Save up your money and start hydrating now – Pitchfork Music Festival is coming to Paris. The über-indie gathering of flannel-wearing artists will be transplanting itself from its usual stomping grounds in Chicago to Sarkozy’s backyard (not literally) 28-29 October, and it’s sure to be a musical playground for all the cool kids in town.
The festival, created by the music-blog powerhouse Pitchfork, has a reputation for its lineups de la mode and ticket prices cheap enough that you can still afford your cigarettes (€79,90 is much lower than the average fest). Even though the complete artist roster has not yet been announced, headliners already include Bon Iver, Cut Copy, Wild Beasts, Aphex Twin, Jens Lekman and Pantha du Prince. Chills down your spine? Yup, me too.
Alright, you can go back to being apathetic now.
Pitchfork, who teamed with French music agency SUPER! to put on the festival, secured La Grande Hall de la Villette for the two days. So, being that it’s inside, you will not have to worry about the weather as you shimmy into the wee hours of the morning with 5,000 of your closest friends who will be there too.
And while this may be Pitchfork’s first time taking on a major European event solo, they’ve had some practice; they teamed with the UK’s All Tomorrow’s Parties this year and Barcelona’s Primavera Sound Festival last. They know how it’s done, they won’t let you down. Already, they’ve promised a club night with DJs playing until 5 a.m. – sure to be spinning only samples that no one knows – and a special guest on Saturday.
The rest of the artists will be announced in the coming weeks, but in the meantime, mark your calendars and learn your lyrics. For those of us on the other side of the Atlantic, we will be raging with jealousy sending our most positive vibes your way.
Cologne-based Kompakt Records is one of the premiere distributors of creative electronic music in Germany alongside Freude am Tanzen from Jena, Moon Harbour from Leipzig, and Playhouse from Frankfurt. In June, Kompakt stated in a press-release that they were opening an online-only store specifically geared towards selling “extremely limited” and hard to find records from numerous artists. There is definitely a market for rare electronic records, and Germany is no stranger to dynamic electronic music.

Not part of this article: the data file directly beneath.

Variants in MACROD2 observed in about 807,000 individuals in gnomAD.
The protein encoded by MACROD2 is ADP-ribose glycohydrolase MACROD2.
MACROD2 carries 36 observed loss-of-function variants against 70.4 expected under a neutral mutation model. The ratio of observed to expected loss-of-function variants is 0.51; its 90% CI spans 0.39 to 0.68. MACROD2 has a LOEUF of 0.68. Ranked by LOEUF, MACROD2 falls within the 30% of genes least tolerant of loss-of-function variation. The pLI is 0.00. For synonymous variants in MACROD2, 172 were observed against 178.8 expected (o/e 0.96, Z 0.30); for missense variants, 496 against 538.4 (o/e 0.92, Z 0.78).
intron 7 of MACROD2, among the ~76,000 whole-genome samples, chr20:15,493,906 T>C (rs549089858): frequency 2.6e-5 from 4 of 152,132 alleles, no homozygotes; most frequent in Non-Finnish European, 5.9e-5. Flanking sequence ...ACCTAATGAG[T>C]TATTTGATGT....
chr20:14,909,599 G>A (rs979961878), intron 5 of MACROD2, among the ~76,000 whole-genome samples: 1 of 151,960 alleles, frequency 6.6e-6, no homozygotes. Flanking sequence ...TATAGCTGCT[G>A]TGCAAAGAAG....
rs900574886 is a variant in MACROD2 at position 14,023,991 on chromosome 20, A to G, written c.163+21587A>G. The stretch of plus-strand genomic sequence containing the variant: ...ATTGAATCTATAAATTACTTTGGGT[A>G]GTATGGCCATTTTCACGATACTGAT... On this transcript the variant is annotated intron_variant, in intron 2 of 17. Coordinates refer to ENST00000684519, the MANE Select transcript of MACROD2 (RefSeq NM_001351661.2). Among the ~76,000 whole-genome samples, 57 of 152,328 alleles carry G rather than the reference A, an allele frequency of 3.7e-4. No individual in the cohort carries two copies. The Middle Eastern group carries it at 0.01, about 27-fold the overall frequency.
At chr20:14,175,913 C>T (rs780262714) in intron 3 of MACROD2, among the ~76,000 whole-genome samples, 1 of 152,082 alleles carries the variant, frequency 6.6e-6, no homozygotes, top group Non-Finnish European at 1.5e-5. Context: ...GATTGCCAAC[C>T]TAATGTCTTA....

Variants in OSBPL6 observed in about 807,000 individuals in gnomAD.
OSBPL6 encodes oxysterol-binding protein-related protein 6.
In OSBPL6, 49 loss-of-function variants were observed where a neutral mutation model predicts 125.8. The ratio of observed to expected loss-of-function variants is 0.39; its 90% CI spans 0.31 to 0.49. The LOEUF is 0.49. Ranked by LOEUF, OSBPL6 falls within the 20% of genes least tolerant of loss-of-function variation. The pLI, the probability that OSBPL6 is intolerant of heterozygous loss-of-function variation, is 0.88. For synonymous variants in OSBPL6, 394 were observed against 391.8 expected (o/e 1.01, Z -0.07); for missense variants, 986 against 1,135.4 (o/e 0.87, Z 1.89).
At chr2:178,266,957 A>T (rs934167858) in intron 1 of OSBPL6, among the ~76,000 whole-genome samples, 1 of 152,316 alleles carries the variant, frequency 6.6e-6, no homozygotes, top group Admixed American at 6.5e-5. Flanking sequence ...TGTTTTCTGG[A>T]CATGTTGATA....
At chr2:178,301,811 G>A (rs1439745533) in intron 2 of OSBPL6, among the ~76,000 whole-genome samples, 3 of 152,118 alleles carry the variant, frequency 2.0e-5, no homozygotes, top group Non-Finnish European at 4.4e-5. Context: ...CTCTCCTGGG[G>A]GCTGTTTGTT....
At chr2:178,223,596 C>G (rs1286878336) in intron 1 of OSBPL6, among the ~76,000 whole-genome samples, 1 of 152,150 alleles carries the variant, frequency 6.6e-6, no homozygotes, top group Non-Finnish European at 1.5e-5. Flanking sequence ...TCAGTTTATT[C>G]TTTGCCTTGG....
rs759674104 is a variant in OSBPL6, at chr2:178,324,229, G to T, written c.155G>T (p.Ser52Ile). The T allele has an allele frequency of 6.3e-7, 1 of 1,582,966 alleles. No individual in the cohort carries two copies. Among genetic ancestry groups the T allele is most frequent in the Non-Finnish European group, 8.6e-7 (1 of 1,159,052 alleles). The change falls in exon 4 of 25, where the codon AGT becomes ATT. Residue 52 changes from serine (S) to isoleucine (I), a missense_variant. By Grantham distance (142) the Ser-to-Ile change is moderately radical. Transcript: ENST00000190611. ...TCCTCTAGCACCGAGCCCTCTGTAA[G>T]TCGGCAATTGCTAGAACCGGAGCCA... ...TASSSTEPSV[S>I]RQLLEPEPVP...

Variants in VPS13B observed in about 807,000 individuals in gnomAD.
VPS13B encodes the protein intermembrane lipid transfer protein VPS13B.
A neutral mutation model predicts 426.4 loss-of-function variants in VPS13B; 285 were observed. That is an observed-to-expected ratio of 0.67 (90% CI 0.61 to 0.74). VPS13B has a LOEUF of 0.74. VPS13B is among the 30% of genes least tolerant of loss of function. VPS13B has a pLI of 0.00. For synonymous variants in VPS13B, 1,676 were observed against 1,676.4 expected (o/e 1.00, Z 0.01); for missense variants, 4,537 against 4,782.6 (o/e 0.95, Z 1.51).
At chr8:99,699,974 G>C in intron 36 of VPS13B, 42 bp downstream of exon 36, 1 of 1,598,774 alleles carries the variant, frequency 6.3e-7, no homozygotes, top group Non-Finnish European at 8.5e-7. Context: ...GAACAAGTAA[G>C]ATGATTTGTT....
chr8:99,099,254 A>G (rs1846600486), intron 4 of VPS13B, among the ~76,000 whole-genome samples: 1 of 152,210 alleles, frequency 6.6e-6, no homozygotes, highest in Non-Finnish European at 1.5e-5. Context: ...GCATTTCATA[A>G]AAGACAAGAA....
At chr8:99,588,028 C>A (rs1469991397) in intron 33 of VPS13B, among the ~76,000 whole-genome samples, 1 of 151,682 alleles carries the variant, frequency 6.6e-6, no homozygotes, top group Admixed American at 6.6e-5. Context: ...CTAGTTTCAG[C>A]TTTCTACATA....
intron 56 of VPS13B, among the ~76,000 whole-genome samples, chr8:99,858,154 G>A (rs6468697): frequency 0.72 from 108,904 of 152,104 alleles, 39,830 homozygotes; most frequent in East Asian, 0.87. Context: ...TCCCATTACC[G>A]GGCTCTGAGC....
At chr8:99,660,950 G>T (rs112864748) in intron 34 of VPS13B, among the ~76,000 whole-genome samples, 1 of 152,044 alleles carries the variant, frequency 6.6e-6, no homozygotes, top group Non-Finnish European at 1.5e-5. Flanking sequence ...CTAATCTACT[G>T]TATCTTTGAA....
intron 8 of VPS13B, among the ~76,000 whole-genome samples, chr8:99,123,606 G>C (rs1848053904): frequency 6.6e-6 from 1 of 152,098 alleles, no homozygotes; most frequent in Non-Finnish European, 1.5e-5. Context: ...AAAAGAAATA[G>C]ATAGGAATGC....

If you think that electronic music is only repetitive loops, pounding bass lines, and inaudible, abrasive lyrics (think of a dance club scene from a movie in which everyone is wearing tight black leather adorned with chains – the club scene early in The Matrix comes to mind), you should take another look. Germany is known worldwide for being a hotbed of creative electronic music artists, and also for having a lively electronic music scene. Evidence of this comes in the form of the hundreds of music blogs that cover the German music scene. Germany is also home to the three largest celebrations of dance music culture in the world: Mayday, Nature One and The Love Parade. In July of this year, The Love Parade experienced a very unfortunate incident where 21 people were killed and many were injured. It will no longer be held out of respect for the victims.
Electronic music has a long history in Germany. The German electronic music scene laid its roots in the late 80s and early 90s in Berlin. After the Berlin Wall fell in November of 1989, electronic music in Germany hit the dance floor running, literally. Eager youths and DJs flooded into the freshly vacant Eastern Bloc buildings, transforming them into all-night music clubs, some of which are still operating today. This event helped ignite an already sparking dance music scene that has since flourished in Berlin and other cities in Germany such as Cologne. Music enthusiasts have lovingly nicknamed Berlin the Ibiza of the North, and Cologne even has its own calling card as the city that pioneered “The Cologne Sound”.
Today there are many German music labels dedicated to bringing German electronic music to the rest of the world. Kompakt Records is one such label, and it is gaining an international presence as a bastion for aural bliss.